ejmoosa's picture

Sure, blame giving individuals freedom.  That's what is wrong with the US.  Too much freedom.

sgt_doom's picture

Oh wow, dood, bullwinkle the ejmoosa, you're really freaking retarded!

I mean, all those preemptive arrests, reminding one of the Gestapo from Nazi-ville times, really suggests freedom, right?

I mean, all those whistleblowers who are being prosecuted under the Espionage Act by the latest fascist in the White House, Obama (as opposed to that other fascisti now running for the prez, Romney), really suggests freedom, right?

Yup, the Obama administration financially supporting the overthrow of the democratically-elected government of Honduras, really suggests freedom, right?

Yup, those banksters granted criminal immunity by fascisti Obama really suggests freedom, right?

You got me, dood, too much freedom, right?

Debtonation's picture

You think this is only a monetary and wealth distribution problem.  The only way a society can be successful is if it actually produces products and services that can be consumed.  Standards of living have risen dramatically in India.  As for Congo and Angola, they probably don't produce much anything of value and therefore are poor.  There's no reason Mexico couldn't achieve a higher living standard, they just don't have an educated workforce capable of producing.  If you think free markets are so bad, tell us all why Hong Kong be came the cross roads of Asia while communist China under Mao suffered famine, tens of millions in starvation and widespread poverty. Two societies right next to eachother with diametrically opposite political systems, one succeeded, the other was a catastrophic failure.

sgt_doom's picture

Yo, dipshit debtonation, ever heard of the Congo Mining Company?

Ever heard of the Guggenheims?

Ever read a book?

BigJim's picture

Yes, wait, that's it, I can just now see how the Guggenheim's Congo Mining Company made Hong Kong rich.

Oh no, now I can't.

WTF are you talking about?

prodigious_idea's picture

Without EXPORTS, economies are usually precluded from growth.  Can't remember the last time I heard of a product from the Congo or Angola.  Never mind the political structure that impeded the otherwise distributive effect of economic growth, consider China's economic growth once their export sector grew.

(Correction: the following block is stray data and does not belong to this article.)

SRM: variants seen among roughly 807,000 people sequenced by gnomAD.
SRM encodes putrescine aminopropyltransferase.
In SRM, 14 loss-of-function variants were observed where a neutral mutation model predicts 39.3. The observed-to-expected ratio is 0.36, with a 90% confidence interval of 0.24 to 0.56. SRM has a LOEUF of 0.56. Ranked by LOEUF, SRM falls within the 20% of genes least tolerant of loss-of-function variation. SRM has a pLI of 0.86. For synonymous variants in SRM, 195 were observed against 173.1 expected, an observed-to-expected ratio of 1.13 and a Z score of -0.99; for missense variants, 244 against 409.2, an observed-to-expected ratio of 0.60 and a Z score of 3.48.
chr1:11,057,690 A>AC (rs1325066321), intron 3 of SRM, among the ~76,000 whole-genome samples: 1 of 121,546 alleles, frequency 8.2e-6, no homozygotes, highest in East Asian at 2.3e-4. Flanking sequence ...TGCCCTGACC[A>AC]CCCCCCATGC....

AnAnonymous's picture

You never heard of product coming from the Congo, Angola? ummm, US citizens are really pampered by their State, which allows them to live in the bliss of ignorant life.

AnAnonymous's picture

If you think free markets are so bad, tell us all why Hong Kong be came the cross roads of Asia while communist China under Mao suffered famine,

_____________________________

Hong Kong is free market? Is it US citizen approved?

Hong Kong became the trade hub it is for the main reason the other do: the location.

Which is a physical property.

But hey, US citizenism is as US citizen do.

francis_sawyer's picture

 " People are literally DYING because of libertarians..."

~~~

People are literally being BORN because of socialism (as goes the argument)... The more useless eaters the better... Right MDB?

mkhs's picture

Well, I have a simple mind, and I prefer leaving it at " People are literally DYING."  Everything else doesn't make a bit of difference.

MeelionDollerBogus's picture

heheh, successful Re-Troll(tm)

Aziz, LIGHT

Seer's picture

Nailed it! :-) (+1000)

Michael's picture

When the USA defaults on its $17 trillion national debt, there will be plenty of jobs because China and the rest of the planet won't trade with us anymore, a great thing, and we'll have to make shoes in the USA again.

Complete and total worldwide economic collapse solves most of these problems for us. 

Don Keot's picture

  Michael, I wish I could give you more than +1, that is so right on, the Amish may be on to something.

Seer's picture

"and we'll have to make shoes in the USA again."

... to sell to the Chinese...  If we weren't massively in debt I'd say that this would all be good (manufacturing locally to sell to local markets), but, I doubt that cobblers will be able to make those payments on their $2,000/mo mortgages: either shoe prices go up to allow for the cobbler to make payment, or costs of other things go up as a result of the banksters passing along the reduced mortgage costs to everyone.

And the sad thing is that the cobbler, who was shafted like most everyone else, will end up having banksters as his/her customer base (no one else can afford the cost of the shoes).

Rock and hard place...

Don Keot's picture

The shops on Saville Row have done alright for a couple hundred years doing just that but I'm not sure how that affects the economy.  Seems like the suppliers of goods and services to the 1% are doing better than most.

NotApplicable's picture